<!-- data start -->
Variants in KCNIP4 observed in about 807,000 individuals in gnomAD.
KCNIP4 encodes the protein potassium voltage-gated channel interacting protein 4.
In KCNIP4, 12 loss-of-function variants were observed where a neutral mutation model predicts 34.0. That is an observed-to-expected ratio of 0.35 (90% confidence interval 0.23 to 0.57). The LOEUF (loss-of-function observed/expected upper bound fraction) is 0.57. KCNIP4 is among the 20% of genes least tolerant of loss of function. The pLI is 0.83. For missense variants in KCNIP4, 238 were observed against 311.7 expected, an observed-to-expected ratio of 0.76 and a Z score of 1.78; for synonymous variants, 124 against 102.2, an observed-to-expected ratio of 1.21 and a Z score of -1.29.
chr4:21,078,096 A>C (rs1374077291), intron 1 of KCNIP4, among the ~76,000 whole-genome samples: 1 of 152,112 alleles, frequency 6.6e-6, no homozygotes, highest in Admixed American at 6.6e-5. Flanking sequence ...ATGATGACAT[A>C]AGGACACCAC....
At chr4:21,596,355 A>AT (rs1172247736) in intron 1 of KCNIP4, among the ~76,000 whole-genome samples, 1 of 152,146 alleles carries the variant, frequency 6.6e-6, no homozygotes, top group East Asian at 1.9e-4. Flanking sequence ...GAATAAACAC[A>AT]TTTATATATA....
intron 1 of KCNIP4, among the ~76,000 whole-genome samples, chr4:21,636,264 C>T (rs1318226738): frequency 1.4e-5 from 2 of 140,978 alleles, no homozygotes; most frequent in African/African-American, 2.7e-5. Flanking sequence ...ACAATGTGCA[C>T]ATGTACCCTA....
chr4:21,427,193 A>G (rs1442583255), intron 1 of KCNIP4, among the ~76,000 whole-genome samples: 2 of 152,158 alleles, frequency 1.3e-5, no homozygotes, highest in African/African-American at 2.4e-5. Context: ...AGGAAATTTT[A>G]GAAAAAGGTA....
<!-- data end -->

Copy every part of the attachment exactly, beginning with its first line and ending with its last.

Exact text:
Variants in KCNIP4 observed in about 807,000 individuals in gnomAD.
KCNIP4 encodes the protein potassium voltage-gated channel interacting protein 4.
In KCNIP4, 12 loss-of-function variants were observed where a neutral mutation model predicts 34.0. That is an observed-to-expected ratio of 0.35 (90% confidence interval 0.23 to 0.57). The LOEUF (loss-of-function observed/expected upper bound fraction) is 0.57. KCNIP4 is among the 20% of genes least tolerant of loss of function. The pLI is 0.83. For missense variants in KCNIP4, 238 were observed against 311.7 expected, an observed-to-expected ratio of 0.76 and a Z score of 1.78; for synonymous variants, 124 against 102.2, an observed-to-expected ratio of 1.21 and a Z score of -1.29.
chr4:21,078,096 A>C (rs1374077291), intron 1 of KCNIP4, among the ~76,000 whole-genome samples: 1 of 152,112 alleles, frequency 6.6e-6, no homozygotes, highest in Admixed American at 6.6e-5. Flanking sequence ...ATGATGACAT[A>C]AGGACACCAC....
At chr4:21,596,355 A>AT (rs1172247736) in intron 1 of KCNIP4, among the ~76,000 whole-genome samples, 1 of 152,146 alleles carries the variant, frequency 6.6e-6, no homozygotes, top group East Asian at 1.9e-4. Flanking sequence ...GAATAAACAC[A>AT]TTTATATATA....
intron 1 of KCNIP4, among the ~76,000 whole-genome samples, chr4:21,636,264 C>T (rs1318226738): frequency 1.4e-5 from 2 of 140,978 alleles, no homozygotes; most frequent in African/African-American, 2.7e-5. Flanking sequence ...ACAATGTGCA[C>T]ATGTACCCTA....
chr4:21,427,193 A>G (rs1442583255), intron 1 of KCNIP4, among the ~76,000 whole-genome samples: 2 of 152,158 alleles, frequency 1.3e-5, no homozygotes, highest in African/African-American at 2.4e-5. Context: ...AGGAAATTTT[A>G]GAAAAAGGTA....